Strategies to Guard Against Bias When Writing an Essay

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Writers show respect for all readers by writing objectively and avoiding the perpetuation of stereotypes. Word choice can indicate an author's bias. Biased language can cause a reader to focus on how a writer says something rather than what the writer says. Careful writing is inoffensive and sounds natural, not contrived.

1 How to Write Objectively about a Group of People

To write objectively, avoid words with negative connotations. Do not use condescending or derogatory terms when referring to anyone or any group of people. Using slang terms, such as referring to a girl as a "chick,' is demeaning. Be respectful of gender, age, ethnic, religious, occupational, socioeconomic and political groups.

When writing about a particular group of people, use the term that the group uses to refer to themselves. Some terms that used to be acceptable may now be considered offensive. For example, older people are now referred to as senior citizens, and plus-sized women are said to be full-figured. The words "impairment" and "disability" have largely replaced the word "handicap," when referring to a person with a limited ability.

Do not assume that all members of a group share certain characteristics. For example, all sailors do not swear, and all Italians are not necessarily great lovers. Avoid adding superfluous information to perpetuate a stereotype, such as pointing out that a female political candicate is a mother of two when no mention has been made of a male candidate's family status.

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2 How to Avoid the Appearance of Racial or Ethnic Bias

Do not point out someone's race or ethnicity unless it is relevant to the context in which it is used. For example, pointing out how many Muslim or Japanese people have moved into an area will be perceived as prejudice against them. However, the following sentence is acceptable because the reference is appropriate to the context of the sentence: Because Honda has built a new automobile factory in Florence, several Japanese families have moved into our area.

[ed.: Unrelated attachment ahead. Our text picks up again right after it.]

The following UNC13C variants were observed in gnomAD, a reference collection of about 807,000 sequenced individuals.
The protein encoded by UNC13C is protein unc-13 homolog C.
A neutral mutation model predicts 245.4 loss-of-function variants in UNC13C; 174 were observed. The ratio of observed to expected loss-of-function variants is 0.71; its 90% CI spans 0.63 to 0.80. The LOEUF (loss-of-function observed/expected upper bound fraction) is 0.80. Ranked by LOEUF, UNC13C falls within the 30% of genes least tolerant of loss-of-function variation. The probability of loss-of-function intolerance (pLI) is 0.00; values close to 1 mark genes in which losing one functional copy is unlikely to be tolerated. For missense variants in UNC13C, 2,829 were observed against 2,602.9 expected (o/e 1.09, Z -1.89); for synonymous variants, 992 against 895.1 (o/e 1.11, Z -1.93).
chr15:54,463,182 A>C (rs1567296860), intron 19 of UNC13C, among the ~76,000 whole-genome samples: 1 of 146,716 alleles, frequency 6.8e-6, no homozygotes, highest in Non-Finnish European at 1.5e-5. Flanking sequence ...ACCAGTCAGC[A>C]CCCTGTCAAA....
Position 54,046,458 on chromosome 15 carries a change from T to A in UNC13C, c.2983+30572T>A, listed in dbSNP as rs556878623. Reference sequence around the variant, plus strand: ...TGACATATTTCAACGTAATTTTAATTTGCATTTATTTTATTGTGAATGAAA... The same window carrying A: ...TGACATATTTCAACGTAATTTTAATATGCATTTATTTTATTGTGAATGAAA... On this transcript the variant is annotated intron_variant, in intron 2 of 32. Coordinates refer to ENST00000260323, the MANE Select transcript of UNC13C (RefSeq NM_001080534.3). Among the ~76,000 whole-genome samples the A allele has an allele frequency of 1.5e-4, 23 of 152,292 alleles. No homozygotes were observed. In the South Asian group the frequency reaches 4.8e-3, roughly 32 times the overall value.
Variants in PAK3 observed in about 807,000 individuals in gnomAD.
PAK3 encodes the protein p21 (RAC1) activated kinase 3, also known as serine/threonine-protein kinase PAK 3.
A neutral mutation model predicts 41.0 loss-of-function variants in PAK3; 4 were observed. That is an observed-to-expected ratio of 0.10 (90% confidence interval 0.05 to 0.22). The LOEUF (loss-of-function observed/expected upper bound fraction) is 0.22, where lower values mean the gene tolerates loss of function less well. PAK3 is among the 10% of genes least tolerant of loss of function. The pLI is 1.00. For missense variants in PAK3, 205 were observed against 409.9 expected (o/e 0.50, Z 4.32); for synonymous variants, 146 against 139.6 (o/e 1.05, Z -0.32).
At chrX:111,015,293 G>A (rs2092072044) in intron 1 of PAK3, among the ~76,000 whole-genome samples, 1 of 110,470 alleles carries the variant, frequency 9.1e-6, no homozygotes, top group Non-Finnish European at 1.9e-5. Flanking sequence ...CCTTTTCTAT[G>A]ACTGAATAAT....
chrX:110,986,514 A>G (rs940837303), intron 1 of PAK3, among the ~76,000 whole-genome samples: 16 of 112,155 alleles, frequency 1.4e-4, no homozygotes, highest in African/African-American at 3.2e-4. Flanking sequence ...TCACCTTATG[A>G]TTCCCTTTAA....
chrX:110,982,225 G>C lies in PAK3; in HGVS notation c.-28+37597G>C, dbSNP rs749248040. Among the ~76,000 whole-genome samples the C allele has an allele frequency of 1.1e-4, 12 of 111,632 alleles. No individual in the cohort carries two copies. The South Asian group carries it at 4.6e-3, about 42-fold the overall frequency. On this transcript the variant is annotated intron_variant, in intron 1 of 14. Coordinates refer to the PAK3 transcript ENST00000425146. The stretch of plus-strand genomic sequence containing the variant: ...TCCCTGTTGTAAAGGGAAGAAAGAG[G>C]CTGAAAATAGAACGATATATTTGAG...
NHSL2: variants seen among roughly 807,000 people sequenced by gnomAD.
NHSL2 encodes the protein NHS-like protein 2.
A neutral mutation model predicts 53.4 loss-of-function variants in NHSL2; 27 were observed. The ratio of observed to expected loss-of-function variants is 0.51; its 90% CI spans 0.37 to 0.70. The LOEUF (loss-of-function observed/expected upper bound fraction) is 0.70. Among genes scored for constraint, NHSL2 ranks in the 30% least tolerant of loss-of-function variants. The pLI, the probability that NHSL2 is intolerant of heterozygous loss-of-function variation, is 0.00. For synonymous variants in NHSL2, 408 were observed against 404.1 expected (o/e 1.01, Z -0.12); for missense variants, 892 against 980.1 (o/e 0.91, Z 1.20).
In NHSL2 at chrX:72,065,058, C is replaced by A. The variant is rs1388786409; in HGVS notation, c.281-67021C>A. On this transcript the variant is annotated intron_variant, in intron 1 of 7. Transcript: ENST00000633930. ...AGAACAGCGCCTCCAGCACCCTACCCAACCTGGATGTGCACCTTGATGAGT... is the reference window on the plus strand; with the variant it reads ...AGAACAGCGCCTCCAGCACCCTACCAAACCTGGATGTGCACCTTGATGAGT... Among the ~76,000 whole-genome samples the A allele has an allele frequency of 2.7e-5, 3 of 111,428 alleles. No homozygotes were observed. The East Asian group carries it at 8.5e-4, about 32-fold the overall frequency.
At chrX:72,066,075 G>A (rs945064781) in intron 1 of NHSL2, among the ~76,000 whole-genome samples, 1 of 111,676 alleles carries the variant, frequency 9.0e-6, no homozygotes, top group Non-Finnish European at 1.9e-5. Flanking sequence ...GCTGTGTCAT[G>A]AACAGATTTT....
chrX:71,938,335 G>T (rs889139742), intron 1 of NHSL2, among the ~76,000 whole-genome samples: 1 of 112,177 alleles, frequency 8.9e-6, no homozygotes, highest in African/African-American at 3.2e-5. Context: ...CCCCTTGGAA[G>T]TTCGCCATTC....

3 How to Avoid Bias When Writing about Politicians

To encourage more civility in political discourse, avoid the emotionally-charged language that is often prevalent in politics. Instead of referring to a person as a "right-wing fanatic" or a "far left loon," use plain, straightforward language. For example, refer to a political candidate as either a conservative Republican or a liberal Democrat.

4 How to Avoid Pronouns That Show Gender Bias

To avoid using "he," "him", or "his," some writers use "he or she," "him or her,", or "his/her." This construction can become awkward and annoying if overused. An alternative is to use a plural antecedent so that the pronoun "they" can be used correctly. Also, try rewording the sentence to take out the pronouns.

Examples include: Every student needs to bring his or her textbook to class. All students need to bring their textbooks to class. Every student needs to bring a textbook to class.

When referring to both genders, avoid using words that end in "men" or "man," such as firemen, chairman, mailman and policemen; instead, write about the firefighters, chair, letter carrier and police officers.

Ann Moore has been an English instructor for over 20 years and started writing professionally in 2011. After teaching junior high and high school, she now teaches writing at Florence-Darlington Technical College in Florence, South Carolina. Moore enjoys writing articles about animals, education, culture and society, health and fitness, and home and garden. She received her Bachelor of Arts at Virginia Commonwealth University.